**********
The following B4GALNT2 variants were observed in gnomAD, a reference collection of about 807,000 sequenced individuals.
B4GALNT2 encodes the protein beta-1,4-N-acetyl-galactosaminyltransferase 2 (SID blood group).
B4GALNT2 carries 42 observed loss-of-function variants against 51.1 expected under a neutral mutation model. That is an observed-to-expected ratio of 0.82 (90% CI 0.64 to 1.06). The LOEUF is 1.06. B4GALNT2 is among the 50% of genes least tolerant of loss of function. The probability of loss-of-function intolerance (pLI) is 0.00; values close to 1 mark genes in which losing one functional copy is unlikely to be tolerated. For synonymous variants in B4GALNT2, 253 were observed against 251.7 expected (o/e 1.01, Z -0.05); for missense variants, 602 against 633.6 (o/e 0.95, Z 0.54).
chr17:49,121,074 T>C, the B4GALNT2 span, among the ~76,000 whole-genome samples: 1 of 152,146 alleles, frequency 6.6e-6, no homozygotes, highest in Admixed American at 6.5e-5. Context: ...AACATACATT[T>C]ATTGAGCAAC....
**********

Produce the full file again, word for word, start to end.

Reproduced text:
The following B4GALNT2 variants were observed in gnomAD, a reference collection of about 807,000 sequenced individuals.
B4GALNT2 encodes the protein beta-1,4-N-acetyl-galactosaminyltransferase 2 (SID blood group).
B4GALNT2 carries 42 observed loss-of-function variants against 51.1 expected under a neutral mutation model. That is an observed-to-expected ratio of 0.82 (90% CI 0.64 to 1.06). The LOEUF is 1.06. B4GALNT2 is among the 50% of genes least tolerant of loss of function. The probability of loss-of-function intolerance (pLI) is 0.00; values close to 1 mark genes in which losing one functional copy is unlikely to be tolerated. For synonymous variants in B4GALNT2, 253 were observed against 251.7 expected (o/e 1.01, Z -0.05); for missense variants, 602 against 633.6 (o/e 0.95, Z 0.54).
chr17:49,121,074 T>C, the B4GALNT2 span, among the ~76,000 whole-genome samples: 1 of 152,146 alleles, frequency 6.6e-6, no homozygotes, highest in Admixed American at 6.5e-5. Context: ...AACATACATT[T>C]ATTGAGCAAC....